December 17, 2020 5 min read
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The current state of our world has made cloud tech a growing priority across multiple industries, and with so many cloud options and opinions out there, defining your business’ approach to cloud can be a challenge. Recent annual predictions from analyst firm Forrester found 30% of firms will increase spending on cloud and related technologies in 2021, making your cloud strategy a key priority in the months and years to come.
To protect your cloud investments and keep your business functioning smoothly, you need to develop a cloud-native strategy by shifting your mindset towards the future state of the industry, mapping out your business goals, and enabling your IT and site reliability teams to make it all happen. Through the following strategies, your business can get the most out of this technology.
Embrace a cloud-native mindset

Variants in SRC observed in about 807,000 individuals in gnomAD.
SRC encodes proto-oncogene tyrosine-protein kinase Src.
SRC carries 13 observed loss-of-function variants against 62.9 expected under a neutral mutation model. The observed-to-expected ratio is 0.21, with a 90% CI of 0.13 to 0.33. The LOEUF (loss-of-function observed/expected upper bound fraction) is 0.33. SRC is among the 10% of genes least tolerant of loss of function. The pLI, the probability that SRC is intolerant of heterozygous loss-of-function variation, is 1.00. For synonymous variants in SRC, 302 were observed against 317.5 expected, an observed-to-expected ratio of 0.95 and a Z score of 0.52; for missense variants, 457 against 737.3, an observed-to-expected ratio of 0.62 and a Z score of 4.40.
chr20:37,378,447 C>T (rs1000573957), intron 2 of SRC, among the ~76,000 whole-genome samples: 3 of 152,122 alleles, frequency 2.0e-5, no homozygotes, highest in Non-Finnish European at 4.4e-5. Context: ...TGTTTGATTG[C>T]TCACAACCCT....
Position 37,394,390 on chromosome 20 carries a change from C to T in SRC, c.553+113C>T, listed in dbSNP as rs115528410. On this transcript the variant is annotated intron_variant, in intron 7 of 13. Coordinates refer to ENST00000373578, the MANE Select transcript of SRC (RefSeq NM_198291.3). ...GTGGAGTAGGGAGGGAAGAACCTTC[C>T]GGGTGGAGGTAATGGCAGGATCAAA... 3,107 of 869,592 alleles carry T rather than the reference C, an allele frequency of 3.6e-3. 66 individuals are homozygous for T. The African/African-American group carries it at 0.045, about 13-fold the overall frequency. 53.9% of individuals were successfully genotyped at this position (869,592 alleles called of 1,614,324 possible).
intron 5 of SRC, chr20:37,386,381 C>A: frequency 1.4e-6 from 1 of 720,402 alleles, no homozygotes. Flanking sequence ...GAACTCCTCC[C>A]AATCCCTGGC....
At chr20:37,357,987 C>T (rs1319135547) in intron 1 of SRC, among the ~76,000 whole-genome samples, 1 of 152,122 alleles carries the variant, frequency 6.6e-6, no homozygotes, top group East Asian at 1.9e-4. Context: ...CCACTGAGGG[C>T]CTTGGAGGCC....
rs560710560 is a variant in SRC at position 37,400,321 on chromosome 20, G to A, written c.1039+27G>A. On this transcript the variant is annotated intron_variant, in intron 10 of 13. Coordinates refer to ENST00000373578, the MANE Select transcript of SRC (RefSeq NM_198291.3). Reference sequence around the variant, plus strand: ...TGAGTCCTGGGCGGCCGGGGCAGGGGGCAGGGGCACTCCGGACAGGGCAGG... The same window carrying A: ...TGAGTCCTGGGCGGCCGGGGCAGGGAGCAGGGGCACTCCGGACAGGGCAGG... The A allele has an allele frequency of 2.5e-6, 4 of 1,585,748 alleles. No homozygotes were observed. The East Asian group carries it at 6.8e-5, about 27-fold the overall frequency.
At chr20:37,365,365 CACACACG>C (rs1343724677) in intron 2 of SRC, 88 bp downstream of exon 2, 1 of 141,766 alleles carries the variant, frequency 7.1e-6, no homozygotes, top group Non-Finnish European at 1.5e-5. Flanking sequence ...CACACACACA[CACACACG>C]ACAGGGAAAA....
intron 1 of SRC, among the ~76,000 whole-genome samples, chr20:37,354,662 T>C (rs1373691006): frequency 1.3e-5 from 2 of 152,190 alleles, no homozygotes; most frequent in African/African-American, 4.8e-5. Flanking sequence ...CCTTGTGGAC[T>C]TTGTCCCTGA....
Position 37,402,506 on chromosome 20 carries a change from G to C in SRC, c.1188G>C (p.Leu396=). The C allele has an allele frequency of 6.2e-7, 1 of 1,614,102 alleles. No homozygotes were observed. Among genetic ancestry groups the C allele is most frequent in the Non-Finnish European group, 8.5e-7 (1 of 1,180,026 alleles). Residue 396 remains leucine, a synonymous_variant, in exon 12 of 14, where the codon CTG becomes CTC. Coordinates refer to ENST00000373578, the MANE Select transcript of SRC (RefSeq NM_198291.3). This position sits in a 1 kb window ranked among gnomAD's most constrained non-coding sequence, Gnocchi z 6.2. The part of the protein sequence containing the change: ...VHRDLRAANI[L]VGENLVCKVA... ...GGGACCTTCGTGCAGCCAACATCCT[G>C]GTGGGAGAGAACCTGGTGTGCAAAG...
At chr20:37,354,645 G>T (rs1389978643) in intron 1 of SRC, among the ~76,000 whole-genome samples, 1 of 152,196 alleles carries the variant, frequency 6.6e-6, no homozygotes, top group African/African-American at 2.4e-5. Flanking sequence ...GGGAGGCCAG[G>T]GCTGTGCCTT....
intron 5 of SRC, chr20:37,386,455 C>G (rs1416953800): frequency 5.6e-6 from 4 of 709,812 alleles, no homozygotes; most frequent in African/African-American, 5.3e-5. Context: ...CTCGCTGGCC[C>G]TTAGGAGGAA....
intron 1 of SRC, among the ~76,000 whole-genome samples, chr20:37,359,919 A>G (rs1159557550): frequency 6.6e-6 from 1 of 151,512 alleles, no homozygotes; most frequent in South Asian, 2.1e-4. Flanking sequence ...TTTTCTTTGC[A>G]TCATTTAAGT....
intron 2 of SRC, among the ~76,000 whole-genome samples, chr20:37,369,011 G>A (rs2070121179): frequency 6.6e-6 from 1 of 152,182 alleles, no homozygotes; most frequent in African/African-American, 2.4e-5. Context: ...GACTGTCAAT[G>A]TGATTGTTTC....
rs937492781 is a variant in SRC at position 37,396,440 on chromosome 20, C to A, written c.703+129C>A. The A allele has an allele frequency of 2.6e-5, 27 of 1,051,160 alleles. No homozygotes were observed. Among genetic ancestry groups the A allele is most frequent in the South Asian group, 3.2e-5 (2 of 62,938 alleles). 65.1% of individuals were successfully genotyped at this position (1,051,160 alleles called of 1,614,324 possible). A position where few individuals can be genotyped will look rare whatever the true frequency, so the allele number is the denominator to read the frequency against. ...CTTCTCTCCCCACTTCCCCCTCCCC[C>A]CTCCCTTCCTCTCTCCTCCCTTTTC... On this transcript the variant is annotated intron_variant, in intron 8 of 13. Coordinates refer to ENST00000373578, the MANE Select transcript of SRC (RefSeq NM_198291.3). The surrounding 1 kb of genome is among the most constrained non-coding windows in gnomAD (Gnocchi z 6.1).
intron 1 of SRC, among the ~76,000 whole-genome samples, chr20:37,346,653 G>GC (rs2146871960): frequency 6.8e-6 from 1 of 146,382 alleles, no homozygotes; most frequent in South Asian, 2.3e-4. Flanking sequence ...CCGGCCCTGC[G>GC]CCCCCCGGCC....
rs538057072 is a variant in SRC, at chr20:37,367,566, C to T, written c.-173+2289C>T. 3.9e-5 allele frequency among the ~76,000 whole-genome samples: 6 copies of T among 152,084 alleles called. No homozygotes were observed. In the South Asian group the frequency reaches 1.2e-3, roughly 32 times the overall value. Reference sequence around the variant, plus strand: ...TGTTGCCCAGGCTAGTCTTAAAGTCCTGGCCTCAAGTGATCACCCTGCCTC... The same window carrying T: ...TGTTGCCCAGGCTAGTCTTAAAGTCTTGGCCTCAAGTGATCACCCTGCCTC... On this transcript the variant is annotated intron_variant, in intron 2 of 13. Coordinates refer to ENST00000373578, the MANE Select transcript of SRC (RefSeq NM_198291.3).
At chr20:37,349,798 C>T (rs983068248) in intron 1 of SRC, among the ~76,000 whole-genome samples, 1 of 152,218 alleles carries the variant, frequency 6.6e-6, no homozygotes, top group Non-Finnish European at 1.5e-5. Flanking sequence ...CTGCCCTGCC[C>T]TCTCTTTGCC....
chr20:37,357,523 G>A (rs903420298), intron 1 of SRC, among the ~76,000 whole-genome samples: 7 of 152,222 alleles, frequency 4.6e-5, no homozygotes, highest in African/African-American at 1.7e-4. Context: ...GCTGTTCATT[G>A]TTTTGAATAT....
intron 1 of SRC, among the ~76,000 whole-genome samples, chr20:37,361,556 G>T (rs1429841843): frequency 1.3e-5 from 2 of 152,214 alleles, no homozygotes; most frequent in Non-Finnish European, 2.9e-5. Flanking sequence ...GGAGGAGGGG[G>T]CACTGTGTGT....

What does it mean for an application to be cloud-native? The Cloud Native Computing Foundation says cloud tech is that which “empower[s] organizations to build and run scalable applications in modern, dynamic environments such as public, private, and hybrid clouds.” For an application to be considered cloud-native, it means it was created using cloud technologies, not just deployed through the cloud. A software application that was developed and hosted in Amazon Web Services (AWS) from inception is a simple example. In a recent Entrepreneur article, I talked about how user experience is the cornerstone of building and maintaining a great application, whether it’s consumer-facing or an app that works behind the scenes to keep businesses running. Cloud-native applications are the next step in ensuring this user experience is a key focus from the beginning.